Sponsored By
An organization or individual has paid for the creation of this work but did not approve or review it.



Susan Jarvis returning to Sanford Fargo as VP

Karla Eischens will be the new president of Sanford Bemidji, the role currently held by Jarvis.

Susan Jarvis Sanford.jpg
Susan Jarvis, vice president of Sanford in Fargo.
Special to the Forum
We are part of The Trust Project.

BEMIDJI, Minn. — Sanford Bemidji president and CEO Susan Jarvis will step down from her position at the start of the new year.

Jarvis will return to Sanford Fargo as vice president of operations starting on Jan. 1, and her position at Bemidji will be filled by Karla Eischens.

“It has been an honor to serve the Bemidji community and collaborate with community leaders and organizations over the last three years,” Jarvis said in a Friday, Dec. 16, release announcing the changes. “I look forward to this new opportunity to lead and grow with our Fargo market, and I know I’m leaving Bemidji in good hands with Karla as president.”

During her tenure at Bemidji, which began in 2019, Jarvis led Sanford and the community through the start of the COVID-19 pandemic, expanded facilities and services including the construction of the Sanford Bemidji Crisis Center and merger with A Better Connection.

100122.N.BP.CRISISCENTER - 2.jpg
Susan Jarvis, president of Sanford Health of Northern Minnesota, will be returning to Sanford Fargo as vice president of operations starting on Jan. 1.
Annalise Braught / Bemidji Pioneer

Jarvis has been with Sanford Health since 2010, beginning as executive director of emergency, trauma and critical services in Fargo, moving to the vice president position in 2017, and taking over as president in Bemidji in 2019. Under her work in Fargo, Sanford opened a new medical center, several clinics and received certification as a Level 1 Adult Trauma Center.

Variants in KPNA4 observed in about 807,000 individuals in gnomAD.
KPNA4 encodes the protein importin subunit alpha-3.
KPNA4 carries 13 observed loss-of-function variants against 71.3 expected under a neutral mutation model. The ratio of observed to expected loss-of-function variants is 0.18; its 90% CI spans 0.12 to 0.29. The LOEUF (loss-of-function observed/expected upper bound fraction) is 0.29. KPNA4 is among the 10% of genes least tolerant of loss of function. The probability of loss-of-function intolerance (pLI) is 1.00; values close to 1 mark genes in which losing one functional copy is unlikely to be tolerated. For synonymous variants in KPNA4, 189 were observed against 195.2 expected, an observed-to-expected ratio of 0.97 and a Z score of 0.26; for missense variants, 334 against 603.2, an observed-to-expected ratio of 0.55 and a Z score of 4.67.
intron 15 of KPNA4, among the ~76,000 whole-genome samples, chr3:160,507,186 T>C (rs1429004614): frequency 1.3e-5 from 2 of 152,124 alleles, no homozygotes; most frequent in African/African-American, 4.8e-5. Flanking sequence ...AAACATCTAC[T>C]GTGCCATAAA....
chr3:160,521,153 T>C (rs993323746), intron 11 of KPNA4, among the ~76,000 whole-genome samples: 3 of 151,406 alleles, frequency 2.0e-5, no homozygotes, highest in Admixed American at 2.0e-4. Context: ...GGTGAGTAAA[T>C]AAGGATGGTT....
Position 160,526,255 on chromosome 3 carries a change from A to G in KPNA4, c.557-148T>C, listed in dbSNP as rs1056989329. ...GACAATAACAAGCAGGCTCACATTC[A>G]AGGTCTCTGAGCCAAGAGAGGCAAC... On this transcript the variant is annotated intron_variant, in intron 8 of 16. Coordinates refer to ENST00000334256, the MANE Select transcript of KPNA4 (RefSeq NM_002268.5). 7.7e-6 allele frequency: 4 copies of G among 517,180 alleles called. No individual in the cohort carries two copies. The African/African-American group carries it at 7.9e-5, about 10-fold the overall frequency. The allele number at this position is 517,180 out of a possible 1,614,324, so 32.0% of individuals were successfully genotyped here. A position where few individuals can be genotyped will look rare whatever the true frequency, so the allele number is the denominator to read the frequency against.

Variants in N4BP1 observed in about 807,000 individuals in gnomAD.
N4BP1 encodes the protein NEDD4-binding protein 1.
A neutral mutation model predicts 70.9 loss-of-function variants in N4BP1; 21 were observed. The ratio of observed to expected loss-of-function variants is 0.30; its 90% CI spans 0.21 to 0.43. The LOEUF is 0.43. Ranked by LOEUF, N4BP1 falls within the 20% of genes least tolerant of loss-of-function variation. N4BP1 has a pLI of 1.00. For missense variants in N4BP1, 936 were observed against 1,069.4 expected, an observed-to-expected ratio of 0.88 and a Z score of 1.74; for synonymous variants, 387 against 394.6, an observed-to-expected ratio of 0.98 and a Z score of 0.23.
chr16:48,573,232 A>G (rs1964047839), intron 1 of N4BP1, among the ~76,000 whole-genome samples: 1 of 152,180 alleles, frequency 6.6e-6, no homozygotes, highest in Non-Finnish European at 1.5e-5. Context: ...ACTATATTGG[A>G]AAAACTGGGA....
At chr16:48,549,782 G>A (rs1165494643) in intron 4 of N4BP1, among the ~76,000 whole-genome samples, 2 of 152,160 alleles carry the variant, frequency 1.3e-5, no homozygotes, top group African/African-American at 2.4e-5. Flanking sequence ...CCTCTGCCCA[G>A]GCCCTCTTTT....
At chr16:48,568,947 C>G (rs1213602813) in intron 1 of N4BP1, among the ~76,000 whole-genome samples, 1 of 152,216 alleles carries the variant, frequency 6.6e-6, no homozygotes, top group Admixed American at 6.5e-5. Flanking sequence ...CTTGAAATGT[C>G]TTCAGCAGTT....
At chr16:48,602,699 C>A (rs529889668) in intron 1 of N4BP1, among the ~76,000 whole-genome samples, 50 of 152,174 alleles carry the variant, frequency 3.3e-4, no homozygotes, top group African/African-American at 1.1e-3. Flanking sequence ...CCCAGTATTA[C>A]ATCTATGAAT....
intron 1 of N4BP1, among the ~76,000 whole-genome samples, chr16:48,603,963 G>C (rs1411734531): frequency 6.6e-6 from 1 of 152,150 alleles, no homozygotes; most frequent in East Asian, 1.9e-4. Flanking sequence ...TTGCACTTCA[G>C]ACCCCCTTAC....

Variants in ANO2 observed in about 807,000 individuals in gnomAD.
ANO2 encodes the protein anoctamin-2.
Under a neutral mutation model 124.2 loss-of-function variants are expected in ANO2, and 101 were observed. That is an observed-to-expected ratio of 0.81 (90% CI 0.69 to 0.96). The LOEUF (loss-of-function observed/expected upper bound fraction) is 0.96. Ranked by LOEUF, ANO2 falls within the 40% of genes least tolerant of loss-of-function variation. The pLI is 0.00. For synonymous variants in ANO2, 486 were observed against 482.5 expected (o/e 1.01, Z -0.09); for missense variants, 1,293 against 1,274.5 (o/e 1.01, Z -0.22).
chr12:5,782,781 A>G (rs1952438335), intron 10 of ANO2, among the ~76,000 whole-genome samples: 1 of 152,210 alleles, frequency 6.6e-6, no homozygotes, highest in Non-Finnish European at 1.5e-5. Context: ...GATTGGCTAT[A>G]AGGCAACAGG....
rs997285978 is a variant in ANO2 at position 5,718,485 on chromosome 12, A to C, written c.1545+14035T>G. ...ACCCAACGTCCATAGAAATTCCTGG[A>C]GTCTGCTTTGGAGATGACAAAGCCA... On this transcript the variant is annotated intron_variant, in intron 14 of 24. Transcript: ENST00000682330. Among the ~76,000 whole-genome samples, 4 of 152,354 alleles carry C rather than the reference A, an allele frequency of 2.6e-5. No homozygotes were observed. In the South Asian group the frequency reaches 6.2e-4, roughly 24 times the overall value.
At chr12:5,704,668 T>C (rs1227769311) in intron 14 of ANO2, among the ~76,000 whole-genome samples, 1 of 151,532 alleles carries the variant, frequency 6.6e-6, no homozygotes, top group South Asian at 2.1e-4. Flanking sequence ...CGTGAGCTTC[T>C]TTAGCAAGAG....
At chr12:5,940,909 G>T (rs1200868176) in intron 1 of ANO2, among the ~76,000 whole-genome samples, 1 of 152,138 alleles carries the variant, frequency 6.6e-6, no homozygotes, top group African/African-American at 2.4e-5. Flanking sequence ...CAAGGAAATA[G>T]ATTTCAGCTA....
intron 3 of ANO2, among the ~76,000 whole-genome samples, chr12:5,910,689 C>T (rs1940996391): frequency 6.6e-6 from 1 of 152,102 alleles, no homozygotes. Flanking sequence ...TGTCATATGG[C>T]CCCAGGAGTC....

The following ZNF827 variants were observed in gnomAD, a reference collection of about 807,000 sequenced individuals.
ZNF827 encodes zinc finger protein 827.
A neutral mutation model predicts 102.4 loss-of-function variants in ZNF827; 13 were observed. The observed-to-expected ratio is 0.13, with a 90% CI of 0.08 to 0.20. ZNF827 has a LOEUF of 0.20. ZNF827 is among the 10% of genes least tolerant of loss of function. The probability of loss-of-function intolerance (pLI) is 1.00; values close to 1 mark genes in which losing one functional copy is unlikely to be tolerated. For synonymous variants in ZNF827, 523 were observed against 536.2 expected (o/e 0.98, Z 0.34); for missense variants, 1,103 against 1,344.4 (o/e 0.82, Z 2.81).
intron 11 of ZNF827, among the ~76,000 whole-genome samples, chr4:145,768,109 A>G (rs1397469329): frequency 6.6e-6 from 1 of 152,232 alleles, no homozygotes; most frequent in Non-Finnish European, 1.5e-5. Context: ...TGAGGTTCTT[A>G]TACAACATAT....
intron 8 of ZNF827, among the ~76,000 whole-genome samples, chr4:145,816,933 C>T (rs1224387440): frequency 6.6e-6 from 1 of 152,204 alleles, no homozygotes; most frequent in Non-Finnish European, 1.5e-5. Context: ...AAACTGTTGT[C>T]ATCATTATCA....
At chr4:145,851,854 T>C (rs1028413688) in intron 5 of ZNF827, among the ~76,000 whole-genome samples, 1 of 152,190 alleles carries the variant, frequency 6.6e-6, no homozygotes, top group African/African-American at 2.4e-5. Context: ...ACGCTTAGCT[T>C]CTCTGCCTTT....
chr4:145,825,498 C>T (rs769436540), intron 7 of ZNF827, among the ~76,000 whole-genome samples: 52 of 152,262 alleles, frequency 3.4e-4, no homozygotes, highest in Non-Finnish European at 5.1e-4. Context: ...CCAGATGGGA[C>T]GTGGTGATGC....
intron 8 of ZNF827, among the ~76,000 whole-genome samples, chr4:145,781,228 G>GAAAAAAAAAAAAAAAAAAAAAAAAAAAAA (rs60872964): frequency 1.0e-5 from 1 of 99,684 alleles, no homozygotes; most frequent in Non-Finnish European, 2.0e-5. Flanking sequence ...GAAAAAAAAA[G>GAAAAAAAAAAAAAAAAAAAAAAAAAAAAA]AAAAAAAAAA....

In her new role, she will have an expanded scope of operations within the Fargo region during a time of growth for the market.

Eischens, the current vice president of operations at Sanford Bemidji, is being promoted to president and CEO of Sanford Bemidji following Jarvis’ departure. Eischens has been with Sanford Health for nearly 20 years, as a pharmacist, director of pharmacy, and operational executive director before taking on the role of vice president, the release said.

While vice president, Eischens oversaw operations for the COVID-19 special care unit, drive-up care site and vaccine clinics and distribution. She also aided in facility planning, including the recent ICU expansion, hospital-wide single-patient room conversion and the recent opening of the Vivaz Medical Spa.

In her new role, she will maintain her current responsibilities in addition to those of president and CEO.

“At Sanford Health, we pride ourselves on finding, developing and keeping great leaders,” said Matt Hocks, chief operating officer at Sanford Health. “Susan and Karla embody all the important qualities we value as an organization. Both are uniquely qualified to tackle the challenges and opportunities of their communities. I am confident they will be successful in their new roles and keep Sanford Health’s momentum growing.”

Our newsroom sometimes reports stories under the byline "Pioneer Staff Report." This byline is used when reporters rewrite basic news briefs that originate from official sources, such as an email or press release that requires little or no reporting.

Other times, this byline is used when a news story includes numerous authors or when the story is formed by aggregating previously reported news from various sources. If outside sources are used, it is noted within the story.

For questions about a staff report, call (218) 333-9796 or email news@bemidjipioneer.com.
What To Read Next
Nonprofit hospitals are required to provide free or discounted care, also known as charity care; yet eligibility and application requirements vary across hospitals. Could you qualify? We found out.
Columnist Carol Bradley Bursack explains the differences between Alzheimer's, dementia and other common forms of dementia.
While the United States government gave help to businesses and people, a lack of assistance has left some Chinese citizens angry and destitute.
Having these procedures available closer to home will make a big difference for many in the region.